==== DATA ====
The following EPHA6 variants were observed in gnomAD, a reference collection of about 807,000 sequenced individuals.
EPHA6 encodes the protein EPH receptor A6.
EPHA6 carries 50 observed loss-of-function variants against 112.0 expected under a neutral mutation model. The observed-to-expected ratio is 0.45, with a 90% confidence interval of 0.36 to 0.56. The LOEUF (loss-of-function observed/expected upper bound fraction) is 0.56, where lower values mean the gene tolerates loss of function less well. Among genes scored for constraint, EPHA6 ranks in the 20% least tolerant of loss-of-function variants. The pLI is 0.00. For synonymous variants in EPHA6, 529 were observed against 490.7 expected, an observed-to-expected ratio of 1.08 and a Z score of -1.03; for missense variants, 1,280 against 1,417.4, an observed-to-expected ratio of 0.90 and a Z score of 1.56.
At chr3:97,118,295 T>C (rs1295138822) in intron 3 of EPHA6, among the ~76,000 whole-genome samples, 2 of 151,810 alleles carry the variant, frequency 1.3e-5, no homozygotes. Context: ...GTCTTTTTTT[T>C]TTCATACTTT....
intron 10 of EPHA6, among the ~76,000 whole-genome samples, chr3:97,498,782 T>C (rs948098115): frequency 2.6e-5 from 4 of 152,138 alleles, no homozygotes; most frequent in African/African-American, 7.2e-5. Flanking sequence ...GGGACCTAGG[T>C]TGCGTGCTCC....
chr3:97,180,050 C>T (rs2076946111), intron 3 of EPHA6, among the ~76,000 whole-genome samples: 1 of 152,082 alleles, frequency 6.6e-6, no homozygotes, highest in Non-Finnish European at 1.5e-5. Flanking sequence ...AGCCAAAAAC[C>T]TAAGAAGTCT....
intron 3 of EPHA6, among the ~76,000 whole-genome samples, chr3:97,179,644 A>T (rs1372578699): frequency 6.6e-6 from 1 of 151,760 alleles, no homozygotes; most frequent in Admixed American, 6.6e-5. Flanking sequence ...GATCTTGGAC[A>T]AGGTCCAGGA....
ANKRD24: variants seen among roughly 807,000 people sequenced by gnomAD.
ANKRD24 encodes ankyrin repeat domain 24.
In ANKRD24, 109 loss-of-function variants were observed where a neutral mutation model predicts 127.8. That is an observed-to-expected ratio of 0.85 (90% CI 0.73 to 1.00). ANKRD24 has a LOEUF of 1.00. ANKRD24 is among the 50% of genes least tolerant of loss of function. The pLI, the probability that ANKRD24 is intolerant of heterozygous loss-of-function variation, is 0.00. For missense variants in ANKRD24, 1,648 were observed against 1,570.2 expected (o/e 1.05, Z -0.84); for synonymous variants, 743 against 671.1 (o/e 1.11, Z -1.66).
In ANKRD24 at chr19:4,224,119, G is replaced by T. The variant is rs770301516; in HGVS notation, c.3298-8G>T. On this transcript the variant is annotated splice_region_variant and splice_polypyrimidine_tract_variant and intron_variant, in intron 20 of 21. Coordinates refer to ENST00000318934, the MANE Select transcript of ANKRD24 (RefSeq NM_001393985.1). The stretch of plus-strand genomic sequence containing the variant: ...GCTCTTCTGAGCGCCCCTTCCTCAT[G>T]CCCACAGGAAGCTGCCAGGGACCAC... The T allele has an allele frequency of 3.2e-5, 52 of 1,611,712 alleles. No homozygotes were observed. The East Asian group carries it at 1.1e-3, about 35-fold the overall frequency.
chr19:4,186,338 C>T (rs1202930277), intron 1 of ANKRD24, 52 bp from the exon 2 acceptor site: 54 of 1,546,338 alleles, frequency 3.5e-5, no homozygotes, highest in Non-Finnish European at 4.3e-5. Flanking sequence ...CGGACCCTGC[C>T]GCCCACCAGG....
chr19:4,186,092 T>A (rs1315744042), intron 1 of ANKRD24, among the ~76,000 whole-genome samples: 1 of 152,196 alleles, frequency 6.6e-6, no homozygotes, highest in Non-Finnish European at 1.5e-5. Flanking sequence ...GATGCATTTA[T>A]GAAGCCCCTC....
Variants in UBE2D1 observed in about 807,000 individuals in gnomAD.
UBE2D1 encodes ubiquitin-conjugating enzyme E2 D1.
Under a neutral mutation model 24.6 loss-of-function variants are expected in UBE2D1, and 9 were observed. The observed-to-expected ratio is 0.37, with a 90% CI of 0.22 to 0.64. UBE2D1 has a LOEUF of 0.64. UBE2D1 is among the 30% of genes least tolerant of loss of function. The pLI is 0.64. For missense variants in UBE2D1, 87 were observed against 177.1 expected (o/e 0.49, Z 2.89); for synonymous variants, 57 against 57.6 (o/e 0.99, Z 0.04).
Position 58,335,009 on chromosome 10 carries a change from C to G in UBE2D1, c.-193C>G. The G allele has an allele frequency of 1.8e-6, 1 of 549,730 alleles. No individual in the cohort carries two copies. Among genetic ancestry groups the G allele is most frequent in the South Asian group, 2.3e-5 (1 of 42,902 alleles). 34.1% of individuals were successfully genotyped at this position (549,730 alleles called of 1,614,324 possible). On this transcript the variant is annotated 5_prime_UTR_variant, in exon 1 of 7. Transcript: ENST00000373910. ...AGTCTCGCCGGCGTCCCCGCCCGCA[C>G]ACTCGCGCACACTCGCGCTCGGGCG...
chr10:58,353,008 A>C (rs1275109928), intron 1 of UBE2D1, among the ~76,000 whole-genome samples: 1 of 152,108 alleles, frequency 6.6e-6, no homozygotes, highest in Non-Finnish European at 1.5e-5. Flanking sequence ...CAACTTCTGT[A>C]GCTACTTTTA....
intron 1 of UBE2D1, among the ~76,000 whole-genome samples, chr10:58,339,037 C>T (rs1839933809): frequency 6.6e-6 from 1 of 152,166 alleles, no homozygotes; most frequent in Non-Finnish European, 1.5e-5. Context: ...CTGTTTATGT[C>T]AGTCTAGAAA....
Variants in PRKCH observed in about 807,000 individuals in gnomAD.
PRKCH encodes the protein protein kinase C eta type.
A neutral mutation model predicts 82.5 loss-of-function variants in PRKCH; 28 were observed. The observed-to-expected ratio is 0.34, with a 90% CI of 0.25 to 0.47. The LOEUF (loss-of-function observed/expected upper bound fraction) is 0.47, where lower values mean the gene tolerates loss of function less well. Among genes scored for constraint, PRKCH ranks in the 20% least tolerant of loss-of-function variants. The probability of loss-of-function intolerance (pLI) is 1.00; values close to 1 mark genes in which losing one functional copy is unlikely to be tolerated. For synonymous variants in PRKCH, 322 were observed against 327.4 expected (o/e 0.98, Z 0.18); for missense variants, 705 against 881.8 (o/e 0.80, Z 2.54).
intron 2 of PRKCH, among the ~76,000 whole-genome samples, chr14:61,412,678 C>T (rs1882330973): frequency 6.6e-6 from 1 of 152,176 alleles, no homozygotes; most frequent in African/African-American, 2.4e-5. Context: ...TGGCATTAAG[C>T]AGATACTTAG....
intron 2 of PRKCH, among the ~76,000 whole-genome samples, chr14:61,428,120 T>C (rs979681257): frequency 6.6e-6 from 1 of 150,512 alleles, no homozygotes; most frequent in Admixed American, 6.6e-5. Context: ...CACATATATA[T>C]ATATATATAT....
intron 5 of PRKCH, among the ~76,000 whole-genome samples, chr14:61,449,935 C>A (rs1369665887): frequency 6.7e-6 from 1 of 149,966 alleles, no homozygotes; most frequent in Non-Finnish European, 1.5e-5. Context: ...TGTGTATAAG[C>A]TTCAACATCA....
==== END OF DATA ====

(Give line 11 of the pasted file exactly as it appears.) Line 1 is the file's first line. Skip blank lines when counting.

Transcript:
In ANKRD24 at chr19:4,224,119, G is replaced by T. The variant is rs770301516; in HGVS notation, c.3298-8G>T. On this transcript the variant is annotated splice_region_variant and splice_polypyrimidine_tract_variant and intron_variant, in intron 20 of 21. Coordinates refer to ENST00000318934, the MANE Select transcript of ANKRD24 (RefSeq NM_001393985.1). The stretch of plus-strand genomic sequence containing the variant: ...GCTCTTCTGAGCGCCCCTTCCTCAT[G>T]CCCACAGGAAGCTGCCAGGGACCAC... The T allele has an allele frequency of 3.2e-5, 52 of 1,611,712 alleles. No homozygotes were observed. The East Asian group carries it at 1.1e-3, about 35-fold the overall frequency.